Christ’s description of the coming Kingdom of God included an illustration of women grinding grain (Luke 17: 20-35).
In response to a direct question from the Pharisees, Christ described how the kingdom of God would come. Christ said: “Two women will be grinding grain together; one will be taken and the other left” (Luke 17:35). Christ provided a similar teaching on signs of the end times on the Mount of Olives (Matthew chapter 24). In the Olivet Discourse, Christ added that two women would be grinding grain with a hand mill; one would be taken and the other left behind (Matthew 24:41). The interpretation of Christ’s remarks is that a) his return to earth will be unexpected and that b) no matter how close two individuals, there is no guarantee they will have the same destiny.
In the Bible, grains mentioned included wheat, barley, spelt, and millet. Wheat, barley, and millet were described in earlier chapters of this book. The grain spelt is arguably the grain that the women were grinding. Spelt was grown throughout the ancient world. In the Bible, it was first mentioned in the Seventh Plague that afflicted the Egyptians (Exodus 9:13-35). Writing from Jerusalem, Isaiah described the farmer planting spelt in the field (Isaiah 28:25). God directed Ezekiel who lived in Babylon to make bread from spelt as well as other grains and vegetables (Ezekiel 4:9). In Gardening with Biblical Plants, James (1984) claimed that bread from spelt was considered superior to bread from barley. Although spelt is not listed in Israeli plant databases it was a stable grain crop in biblical times.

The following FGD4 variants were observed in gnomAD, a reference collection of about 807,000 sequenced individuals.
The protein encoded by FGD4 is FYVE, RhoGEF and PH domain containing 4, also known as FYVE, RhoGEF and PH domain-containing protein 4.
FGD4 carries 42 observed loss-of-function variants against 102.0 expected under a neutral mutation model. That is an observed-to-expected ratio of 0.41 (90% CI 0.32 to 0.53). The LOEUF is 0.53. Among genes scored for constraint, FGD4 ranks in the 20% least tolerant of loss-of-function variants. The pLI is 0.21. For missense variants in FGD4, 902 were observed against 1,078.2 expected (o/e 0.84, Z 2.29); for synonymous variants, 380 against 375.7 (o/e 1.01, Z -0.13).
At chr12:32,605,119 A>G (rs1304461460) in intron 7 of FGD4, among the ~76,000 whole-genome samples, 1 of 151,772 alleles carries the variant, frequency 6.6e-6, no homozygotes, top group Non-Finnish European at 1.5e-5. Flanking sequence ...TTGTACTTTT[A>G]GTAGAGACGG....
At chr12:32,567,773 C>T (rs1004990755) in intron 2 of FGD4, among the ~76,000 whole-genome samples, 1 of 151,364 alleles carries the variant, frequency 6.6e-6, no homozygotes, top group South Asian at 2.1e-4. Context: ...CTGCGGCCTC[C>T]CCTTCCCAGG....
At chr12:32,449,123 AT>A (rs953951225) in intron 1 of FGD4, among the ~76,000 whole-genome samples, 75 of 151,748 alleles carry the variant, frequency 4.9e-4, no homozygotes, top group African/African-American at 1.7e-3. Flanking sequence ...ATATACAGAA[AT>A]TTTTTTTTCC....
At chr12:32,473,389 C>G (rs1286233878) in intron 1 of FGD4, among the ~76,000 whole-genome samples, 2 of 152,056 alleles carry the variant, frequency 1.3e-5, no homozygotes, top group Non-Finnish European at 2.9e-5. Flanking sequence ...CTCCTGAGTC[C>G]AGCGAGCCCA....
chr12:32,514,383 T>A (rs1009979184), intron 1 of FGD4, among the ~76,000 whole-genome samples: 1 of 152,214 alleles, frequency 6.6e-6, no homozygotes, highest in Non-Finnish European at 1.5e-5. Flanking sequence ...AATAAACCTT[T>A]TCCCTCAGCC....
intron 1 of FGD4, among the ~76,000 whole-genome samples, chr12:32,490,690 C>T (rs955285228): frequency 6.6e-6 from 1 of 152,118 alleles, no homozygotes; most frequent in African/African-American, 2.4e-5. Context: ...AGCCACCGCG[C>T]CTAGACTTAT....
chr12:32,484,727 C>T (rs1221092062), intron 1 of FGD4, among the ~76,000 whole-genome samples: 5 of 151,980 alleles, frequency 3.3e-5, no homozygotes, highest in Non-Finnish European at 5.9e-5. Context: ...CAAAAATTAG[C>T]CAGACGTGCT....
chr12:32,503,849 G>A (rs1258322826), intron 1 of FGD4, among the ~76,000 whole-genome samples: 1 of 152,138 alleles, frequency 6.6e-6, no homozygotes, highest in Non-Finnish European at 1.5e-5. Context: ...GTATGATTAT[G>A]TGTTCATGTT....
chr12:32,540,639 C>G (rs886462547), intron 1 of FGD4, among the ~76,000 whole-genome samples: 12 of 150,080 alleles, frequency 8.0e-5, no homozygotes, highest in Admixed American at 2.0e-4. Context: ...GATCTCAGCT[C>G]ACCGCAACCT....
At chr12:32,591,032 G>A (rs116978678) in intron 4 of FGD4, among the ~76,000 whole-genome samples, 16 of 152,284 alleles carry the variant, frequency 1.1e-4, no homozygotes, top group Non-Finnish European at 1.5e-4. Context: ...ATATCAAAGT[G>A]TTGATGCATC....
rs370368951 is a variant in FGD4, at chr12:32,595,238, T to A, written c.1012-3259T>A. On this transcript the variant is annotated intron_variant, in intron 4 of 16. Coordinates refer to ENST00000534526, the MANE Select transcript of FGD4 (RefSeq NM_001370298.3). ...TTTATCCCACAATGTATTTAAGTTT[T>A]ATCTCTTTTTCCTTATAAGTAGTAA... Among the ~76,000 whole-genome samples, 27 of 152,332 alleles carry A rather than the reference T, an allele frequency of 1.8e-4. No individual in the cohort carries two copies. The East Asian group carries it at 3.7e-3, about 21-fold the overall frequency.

The Biblical spelt was Triticum spelta also known as Triticum aestivum subspecies (variety) spelta. Despite past confusion, spelt is not emmer wheat; the two grains have different genetic structures. Spelt is winter hardy and planted in the fall for spring harvest. Spelt may yield more useable grain than wheat when both are grown at higher elevations. In biblical times, the hull was removed by hand, leaving the spelt kernel to be ground into flour. Women ground the spelt kernel into flour using a hand mill or a mortar and pestle. When stored in the husk, spelt remains fresh for a longer period of time than other grains. The spelt husk protects the kernel from pollutants and insects both in the field and during storage.
Symbolism: Bristle, Stick Out
The Hebrew word for spelt is kuççemeth derived from kâçam which means bristle (Strong, 2010). When a person bristles, they stand up or stick out. Christ told the Pharisees that as the people of Noah and Lot’s times did not expect destruction, neither will people expect Christ to return. Noah and Lot stood out from the people of their environments because of their righteousness (2 Peter 2:5-7). Similarly, Christ’s followers stick out from the people on earth because of their righteousness. When Christ returns, his followers will be taken from the world. Christians will be remembered or “stick out” from individuals left in the world, because they will be absent.
I love Bible plants along with their symbolism. If you want to learn more about them, read my two books: 1) Rooted in God and 2) God as a Gardener. You can purchase them from my website: Carolyn Roth Ministry at http://www.CarolynRothMinistry.com/
Copyright: Carolyn A. Roth, 10/13